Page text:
10 There are two aspects of the point I wish to draw out. The first is the obvious one that it would be naïve, even unwise, to assume that fidelity to the rule of law must look and feel the same in the US as, for instance, in Myanmar today, if only because the societies in which it operates are differently situated. My second point is that there is no reason to assume that fidelity to the rule of law must mean, staying with the same example, that Myanmar as a polity must one day look and feel American. This, too, would be naïve because of differences in the ethos of each society and in their value systems, aspirations, cultural and religious beliefs and what I might conveniently term, their own historical baggage.

11 We need not look far to appreciate both these elementary points; they are borne out by the long arc of America's rich and textured legal history.

III. The rule of law in American legal history

12 The American Revolution drew from the well of natural law theory and the Lockean social contract in its commitment to equality and a distrust of power.6 The Constitution, therefore, divided the Government into three coordinate arms. The Judiciary was the institution entrusted with upholding the rule of law. Any doubt as to the 8 strength of the Judiciary's bite7 was dispelled in Marbury v Madison, which entrenched judicial review as a stalwart of constitutional rights and a safeguard against governmental excesses.

13 In the aftermath of the Civil War,9 the courts were, on the orthodox view, propelled by the ideology of laissez-faire individualism into a period of activism.10 But this was followed by a period of retreat and restraint under the New Deal court, as the US strived to overcome the woes of the Great Depression.11 By the mid-20th century, the court emerged as the strong protector of civil rights and liberties with the far-reaching decisions of the Warren Court.12

14 I tread carefully in making these broad strokes, which might well not be universally accepted.13 I am conscious of the perils of addressing an audience of American judges and lawyers on their constitutional history. But I hope to make a narrower point that may go down rather easier.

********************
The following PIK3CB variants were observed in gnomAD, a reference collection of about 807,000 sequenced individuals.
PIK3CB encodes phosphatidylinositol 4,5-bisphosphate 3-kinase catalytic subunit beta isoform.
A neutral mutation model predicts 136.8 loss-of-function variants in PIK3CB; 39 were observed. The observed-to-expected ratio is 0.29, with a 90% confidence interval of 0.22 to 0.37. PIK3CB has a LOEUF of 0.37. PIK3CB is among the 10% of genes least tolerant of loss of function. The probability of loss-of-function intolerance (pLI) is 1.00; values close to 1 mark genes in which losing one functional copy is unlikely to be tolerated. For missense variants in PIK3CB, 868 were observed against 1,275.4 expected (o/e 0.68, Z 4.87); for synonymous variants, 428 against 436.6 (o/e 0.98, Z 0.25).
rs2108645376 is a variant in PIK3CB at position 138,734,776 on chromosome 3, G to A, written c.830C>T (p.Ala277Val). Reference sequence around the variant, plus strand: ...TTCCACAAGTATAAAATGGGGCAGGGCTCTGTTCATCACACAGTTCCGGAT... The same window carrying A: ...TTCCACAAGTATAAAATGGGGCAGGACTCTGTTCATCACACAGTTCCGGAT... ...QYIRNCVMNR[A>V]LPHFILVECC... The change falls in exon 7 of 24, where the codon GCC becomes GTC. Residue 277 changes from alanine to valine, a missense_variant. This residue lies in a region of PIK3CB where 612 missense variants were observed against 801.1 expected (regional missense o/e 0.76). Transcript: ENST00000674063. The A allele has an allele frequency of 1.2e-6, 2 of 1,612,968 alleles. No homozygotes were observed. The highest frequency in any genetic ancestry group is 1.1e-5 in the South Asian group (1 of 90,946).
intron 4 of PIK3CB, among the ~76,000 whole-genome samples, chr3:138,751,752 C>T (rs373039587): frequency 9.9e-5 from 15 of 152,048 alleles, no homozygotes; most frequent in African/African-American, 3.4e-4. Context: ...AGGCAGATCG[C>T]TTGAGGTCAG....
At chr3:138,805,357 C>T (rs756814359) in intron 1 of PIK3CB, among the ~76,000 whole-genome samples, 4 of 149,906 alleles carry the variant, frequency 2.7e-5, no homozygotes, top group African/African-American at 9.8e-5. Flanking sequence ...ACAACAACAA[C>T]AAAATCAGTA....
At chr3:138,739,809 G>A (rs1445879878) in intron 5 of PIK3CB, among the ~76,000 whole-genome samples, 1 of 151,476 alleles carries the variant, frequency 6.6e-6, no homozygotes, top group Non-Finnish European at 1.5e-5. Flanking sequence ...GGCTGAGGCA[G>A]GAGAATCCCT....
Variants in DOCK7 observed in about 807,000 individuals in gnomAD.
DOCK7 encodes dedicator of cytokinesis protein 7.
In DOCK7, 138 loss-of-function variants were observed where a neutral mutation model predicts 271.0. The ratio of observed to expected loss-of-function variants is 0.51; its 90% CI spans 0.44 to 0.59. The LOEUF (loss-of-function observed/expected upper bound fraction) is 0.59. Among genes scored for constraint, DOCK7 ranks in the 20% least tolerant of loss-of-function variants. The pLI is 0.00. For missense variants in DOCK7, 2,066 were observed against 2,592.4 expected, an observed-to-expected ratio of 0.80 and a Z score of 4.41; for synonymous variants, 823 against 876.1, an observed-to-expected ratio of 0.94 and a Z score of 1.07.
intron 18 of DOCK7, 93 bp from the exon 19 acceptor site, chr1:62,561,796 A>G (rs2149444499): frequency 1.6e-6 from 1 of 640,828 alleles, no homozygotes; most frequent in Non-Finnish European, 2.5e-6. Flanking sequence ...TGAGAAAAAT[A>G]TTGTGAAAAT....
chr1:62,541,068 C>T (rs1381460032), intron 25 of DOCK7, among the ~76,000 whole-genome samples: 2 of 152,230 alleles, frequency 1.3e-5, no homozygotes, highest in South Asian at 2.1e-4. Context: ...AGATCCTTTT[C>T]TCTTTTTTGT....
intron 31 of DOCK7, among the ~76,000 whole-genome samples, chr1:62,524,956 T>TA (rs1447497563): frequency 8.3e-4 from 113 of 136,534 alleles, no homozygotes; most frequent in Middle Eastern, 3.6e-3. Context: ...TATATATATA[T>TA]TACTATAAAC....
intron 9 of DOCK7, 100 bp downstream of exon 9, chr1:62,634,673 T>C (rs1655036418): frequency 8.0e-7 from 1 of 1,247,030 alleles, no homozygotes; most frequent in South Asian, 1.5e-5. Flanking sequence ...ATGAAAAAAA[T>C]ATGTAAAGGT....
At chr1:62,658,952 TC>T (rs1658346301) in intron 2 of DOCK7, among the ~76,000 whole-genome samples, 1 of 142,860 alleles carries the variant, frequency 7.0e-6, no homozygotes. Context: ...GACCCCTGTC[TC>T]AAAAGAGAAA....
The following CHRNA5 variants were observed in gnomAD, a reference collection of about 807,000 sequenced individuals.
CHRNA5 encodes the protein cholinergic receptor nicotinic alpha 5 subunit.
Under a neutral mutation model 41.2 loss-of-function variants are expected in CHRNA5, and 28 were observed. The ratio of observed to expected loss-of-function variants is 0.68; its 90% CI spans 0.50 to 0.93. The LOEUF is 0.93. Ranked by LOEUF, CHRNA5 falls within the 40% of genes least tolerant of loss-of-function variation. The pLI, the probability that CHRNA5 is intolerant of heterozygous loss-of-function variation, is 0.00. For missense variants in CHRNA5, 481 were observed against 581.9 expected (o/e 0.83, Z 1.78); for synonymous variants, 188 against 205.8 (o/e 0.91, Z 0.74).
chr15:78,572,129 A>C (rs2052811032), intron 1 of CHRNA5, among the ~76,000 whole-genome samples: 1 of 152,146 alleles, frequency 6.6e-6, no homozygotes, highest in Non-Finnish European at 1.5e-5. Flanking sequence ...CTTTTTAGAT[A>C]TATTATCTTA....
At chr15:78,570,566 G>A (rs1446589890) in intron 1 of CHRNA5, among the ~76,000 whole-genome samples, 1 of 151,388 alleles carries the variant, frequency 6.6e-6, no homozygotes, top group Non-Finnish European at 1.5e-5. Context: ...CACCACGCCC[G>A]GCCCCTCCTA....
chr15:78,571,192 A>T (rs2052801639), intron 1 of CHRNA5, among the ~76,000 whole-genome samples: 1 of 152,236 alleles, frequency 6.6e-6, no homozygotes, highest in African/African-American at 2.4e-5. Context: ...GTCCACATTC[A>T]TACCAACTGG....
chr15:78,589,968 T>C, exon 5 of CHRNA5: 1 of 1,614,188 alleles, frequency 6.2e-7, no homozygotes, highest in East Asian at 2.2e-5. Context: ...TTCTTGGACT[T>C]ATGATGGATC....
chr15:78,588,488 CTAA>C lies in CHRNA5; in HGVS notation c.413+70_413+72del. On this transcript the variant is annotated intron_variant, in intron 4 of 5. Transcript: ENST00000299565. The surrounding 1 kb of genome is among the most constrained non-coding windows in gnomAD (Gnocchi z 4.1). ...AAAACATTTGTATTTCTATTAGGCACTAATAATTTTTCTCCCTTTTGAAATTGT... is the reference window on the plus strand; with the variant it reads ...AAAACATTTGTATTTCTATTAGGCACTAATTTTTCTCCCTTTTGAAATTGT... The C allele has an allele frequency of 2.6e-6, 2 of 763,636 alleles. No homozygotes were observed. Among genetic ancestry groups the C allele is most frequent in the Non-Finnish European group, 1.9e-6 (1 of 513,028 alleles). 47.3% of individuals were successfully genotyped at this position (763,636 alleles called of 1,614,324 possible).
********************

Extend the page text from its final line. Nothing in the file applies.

15 That the conceptions of an independent Judiciary upholding the rule of law have evolved over time is unsurprising because the rule of law is inevitably enmeshed within a complex web of historical fact, philosophical outlooks and, to some extent, the “felt necessity of the time”.14 Yet, behind these various conceptions, we see the same deep and unyielding commitment to the ideals of equality and liberty that characterised the founding of the republic;15 the same firm recognition of the centrality of the Judiciary in ensuring legality and defending rights; and the same respect for and adherence to the decisions of the courts, no matter how unpopular they might be. Without question, this has been instrumental in America's pathway to its exceptional position.

IV. The Singapore story

16 Against that backdrop, let me turn to the Singapore story. If the American republic was born out of a pursuit of high ideals, Singapore was the progeny of an austere and existentialist necessity.

17 For nearly a century and a half prior to her independence in 1963, Singapore had been a colony subject to British rule. As she moved towards independence in the early 1960s, the strong sentiment was that a federation with Malaysia, our neighbours in the north, would be the only way to secure our survival.16 Malaysia was a large, resourcerich nation. By contrast, Singapore, though already a busy trading port, had little else. We had a land area of just 580km2 (about 150,000 acres) and no natural resources; we even depended on Malaysia for drinking water. We had a population of 2 million people, many of whom were migrants of a diverse heritage, having only recently set foot in Singapore. I, for example, was born just a decade after my parents first came to Singapore from India.

18 And so on 16 September 1963 we came out of our colonial past as a constituent state of the Federation of Malaysia (“the Federation”). The union was short-lived. There were deep disagreements between the local government in Singapore and the federal government over the establishment of a common market and the special position of the Malays.17 Singapore left the Federation in 1965 after political, economic and racial skirmishes18 caused our relationship with the Malaysian government to fracture and eventually break down. On 9 August 1965, Singapore became an independent nation.

19 I don't think many gave us much chance perhaps even to see in the new year! The idea of an independent Singapore – which had been described (by her founding Prime Minister, the late Mr Lee Kuan Yew) as a “political, economic and geographical absurdity”– had materialised.19 Our existence was...

To continue reading

Request your trial

VLEX uses login cookies to provide you with a better browsing experience. If you click on 'Accept' or continue browsing this site we consider that you accept our cookie policy. ACCEPT